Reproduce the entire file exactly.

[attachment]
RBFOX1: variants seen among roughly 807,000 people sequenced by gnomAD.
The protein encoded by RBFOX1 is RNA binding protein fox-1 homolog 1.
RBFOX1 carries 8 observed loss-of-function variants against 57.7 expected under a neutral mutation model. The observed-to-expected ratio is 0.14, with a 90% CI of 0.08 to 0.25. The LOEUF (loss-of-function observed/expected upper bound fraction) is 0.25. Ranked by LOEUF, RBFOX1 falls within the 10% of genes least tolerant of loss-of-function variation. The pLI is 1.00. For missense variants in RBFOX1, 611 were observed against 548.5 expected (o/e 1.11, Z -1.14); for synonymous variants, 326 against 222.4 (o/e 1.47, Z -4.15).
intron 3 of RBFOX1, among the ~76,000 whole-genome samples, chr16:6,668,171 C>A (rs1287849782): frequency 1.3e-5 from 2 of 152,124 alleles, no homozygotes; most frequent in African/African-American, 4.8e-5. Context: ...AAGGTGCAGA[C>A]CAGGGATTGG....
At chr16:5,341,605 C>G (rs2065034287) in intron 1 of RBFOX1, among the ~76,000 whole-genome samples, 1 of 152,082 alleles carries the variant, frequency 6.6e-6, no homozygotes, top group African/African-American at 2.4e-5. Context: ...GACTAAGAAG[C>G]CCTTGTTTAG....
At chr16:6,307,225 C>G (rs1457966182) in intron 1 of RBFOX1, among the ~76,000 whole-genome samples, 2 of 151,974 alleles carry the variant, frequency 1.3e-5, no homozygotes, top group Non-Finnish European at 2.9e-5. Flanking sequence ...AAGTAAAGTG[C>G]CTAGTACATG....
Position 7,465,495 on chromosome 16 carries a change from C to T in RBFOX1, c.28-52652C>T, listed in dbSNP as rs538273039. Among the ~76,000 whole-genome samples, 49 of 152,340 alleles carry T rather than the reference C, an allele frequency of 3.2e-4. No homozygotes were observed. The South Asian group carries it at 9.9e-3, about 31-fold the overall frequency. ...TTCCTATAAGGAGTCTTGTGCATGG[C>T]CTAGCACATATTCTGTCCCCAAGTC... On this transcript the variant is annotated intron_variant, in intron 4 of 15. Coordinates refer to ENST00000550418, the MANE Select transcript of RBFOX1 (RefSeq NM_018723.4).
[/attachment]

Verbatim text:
RBFOX1: variants seen among roughly 807,000 people sequenced by gnomAD.
The protein encoded by RBFOX1 is RNA binding protein fox-1 homolog 1.
RBFOX1 carries 8 observed loss-of-function variants against 57.7 expected under a neutral mutation model. The observed-to-expected ratio is 0.14, with a 90% CI of 0.08 to 0.25. The LOEUF (loss-of-function observed/expected upper bound fraction) is 0.25. Ranked by LOEUF, RBFOX1 falls within the 10% of genes least tolerant of loss-of-function variation. The pLI is 1.00. For missense variants in RBFOX1, 611 were observed against 548.5 expected (o/e 1.11, Z -1.14); for synonymous variants, 326 against 222.4 (o/e 1.47, Z -4.15).
intron 3 of RBFOX1, among the ~76,000 whole-genome samples, chr16:6,668,171 C>A (rs1287849782): frequency 1.3e-5 from 2 of 152,124 alleles, no homozygotes; most frequent in African/African-American, 4.8e-5. Context: ...AAGGTGCAGA[C>A]CAGGGATTGG....
At chr16:5,341,605 C>G (rs2065034287) in intron 1 of RBFOX1, among the ~76,000 whole-genome samples, 1 of 152,082 alleles carries the variant, frequency 6.6e-6, no homozygotes, top group African/African-American at 2.4e-5. Context: ...GACTAAGAAG[C>G]CCTTGTTTAG....
At chr16:6,307,225 C>G (rs1457966182) in intron 1 of RBFOX1, among the ~76,000 whole-genome samples, 2 of 151,974 alleles carry the variant, frequency 1.3e-5, no homozygotes, top group Non-Finnish European at 2.9e-5. Flanking sequence ...AAGTAAAGTG[C>G]CTAGTACATG....
Position 7,465,495 on chromosome 16 carries a change from C to T in RBFOX1, c.28-52652C>T, listed in dbSNP as rs538273039. Among the ~76,000 whole-genome samples, 49 of 152,340 alleles carry T rather than the reference C, an allele frequency of 3.2e-4. No homozygotes were observed. The South Asian group carries it at 9.9e-3, about 31-fold the overall frequency. ...TTCCTATAAGGAGTCTTGTGCATGG[C>T]CTAGCACATATTCTGTCCCCAAGTC... On this transcript the variant is annotated intron_variant, in intron 4 of 15. Coordinates refer to ENST00000550418, the MANE Select transcript of RBFOX1 (RefSeq NM_018723.4).